Simply said, constant fear and anxiety result in debilitating amounts of stress hormones like cortisol (from the adrenal glands) and hormones that cause blood sugar levels and triglycerides (blood fats) to rise significantly. This process, if not shut off or modulated, can cause premature coronary artery disease, short-term memory loss, digestive problems, and suppression of the natural immune system. Continue reading

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Medical Bills After an On-The-Job Injury – Do I Have to Pay Them? (PART 2)

Last week we shared a post about dealing with medical bills after an on-the-job injury. Our quick answer was that you most likely do not have to pay these bills, depending on your specific circumstances, which we discussed. So, let’s say that you don’t actually have to pay these bills, but you’ve already paid some of them. Here are a few more questions and answers.

What About Everything I Have Already Paid? Can I Be Reimbursed??

Question: My private insurance has covered the cost of my medical care while my workers’ compensation claim was in dispute. I have been making payments to my doctor’s office, too, for co-pay and other charges. Can I be reimbursed? What about my prescription costs?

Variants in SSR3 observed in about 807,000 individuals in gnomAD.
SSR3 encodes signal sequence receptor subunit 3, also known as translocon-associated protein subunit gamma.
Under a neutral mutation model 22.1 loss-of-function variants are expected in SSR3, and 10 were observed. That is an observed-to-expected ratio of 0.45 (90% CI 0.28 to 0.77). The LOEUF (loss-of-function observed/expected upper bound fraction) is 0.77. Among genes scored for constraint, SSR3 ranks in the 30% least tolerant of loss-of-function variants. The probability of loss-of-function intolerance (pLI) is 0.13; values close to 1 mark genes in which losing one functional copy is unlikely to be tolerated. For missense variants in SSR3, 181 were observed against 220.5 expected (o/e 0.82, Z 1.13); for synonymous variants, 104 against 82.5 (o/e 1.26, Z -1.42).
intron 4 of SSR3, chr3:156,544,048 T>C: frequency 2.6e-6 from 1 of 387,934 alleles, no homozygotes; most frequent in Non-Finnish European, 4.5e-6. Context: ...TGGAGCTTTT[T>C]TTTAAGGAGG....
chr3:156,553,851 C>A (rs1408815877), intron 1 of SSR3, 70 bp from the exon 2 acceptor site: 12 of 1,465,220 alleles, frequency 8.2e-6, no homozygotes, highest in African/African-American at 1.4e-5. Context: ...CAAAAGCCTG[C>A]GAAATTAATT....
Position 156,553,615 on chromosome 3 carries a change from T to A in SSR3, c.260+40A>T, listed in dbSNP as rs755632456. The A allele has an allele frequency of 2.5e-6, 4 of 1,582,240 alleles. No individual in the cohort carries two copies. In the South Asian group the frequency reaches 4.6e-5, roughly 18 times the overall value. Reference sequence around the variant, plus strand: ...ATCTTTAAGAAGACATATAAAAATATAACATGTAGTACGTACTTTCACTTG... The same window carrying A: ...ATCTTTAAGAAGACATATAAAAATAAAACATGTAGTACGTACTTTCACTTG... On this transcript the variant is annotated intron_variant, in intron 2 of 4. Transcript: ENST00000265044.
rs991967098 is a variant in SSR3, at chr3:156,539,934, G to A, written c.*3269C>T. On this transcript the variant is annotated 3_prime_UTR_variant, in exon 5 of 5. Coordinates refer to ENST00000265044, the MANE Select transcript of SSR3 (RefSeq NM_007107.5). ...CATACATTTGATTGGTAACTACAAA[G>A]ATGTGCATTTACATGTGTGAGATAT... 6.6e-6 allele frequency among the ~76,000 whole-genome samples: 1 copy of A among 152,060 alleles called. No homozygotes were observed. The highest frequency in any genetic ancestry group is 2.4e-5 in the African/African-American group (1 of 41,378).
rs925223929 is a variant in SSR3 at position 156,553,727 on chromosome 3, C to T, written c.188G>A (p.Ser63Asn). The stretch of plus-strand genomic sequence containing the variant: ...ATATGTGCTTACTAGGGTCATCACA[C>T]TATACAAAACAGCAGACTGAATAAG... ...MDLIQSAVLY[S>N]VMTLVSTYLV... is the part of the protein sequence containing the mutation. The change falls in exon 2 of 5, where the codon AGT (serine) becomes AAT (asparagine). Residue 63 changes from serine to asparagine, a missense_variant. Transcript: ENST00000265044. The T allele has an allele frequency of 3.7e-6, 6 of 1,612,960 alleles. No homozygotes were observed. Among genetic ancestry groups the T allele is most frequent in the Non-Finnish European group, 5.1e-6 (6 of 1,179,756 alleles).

Answer: Yes, you can be reimbursed for your expenses!

You can be reimbursed for medical expenses, prescription costs, travel expenses (when appropriate) and other costs once your workers’ compensation claim has been approved. In Washington State, though, the Department of Labor and Industries will only make payment to medical providers directly for services rendered, so you cannot receive direct reimbursement for payments to your doctor, physical therapist, chiropractor, etc… These providers will need to submit bills for services under the allowed claim, receive payment for those services, and then issue refunds to you and your private insurance carrier for payments previously made. This can be a difficult process, though, as the medical providers have already been paid, often at a higher rate than what is allowed under a workers’ compensation claim, so they often would prefer to not go to the hassle of rebilling for services they have already been paid for and then make refunds to you and/or your insurance carrier in excess of the workers’ compensation payments.

Prescription costs are easier to have reimbursed. If you have receipts, you can submit a Statement for Pharmacy Services form to request reimbursement. If you do not have your receipts, you can submit this form with a printout from your pharmacy of all filled prescriptions related to the claim. The printout and the form must be signed by the pharmacist to certify that you have paid for the claimed prescriptions. Reimbursement for pharmacy expenses will be paid to you directly.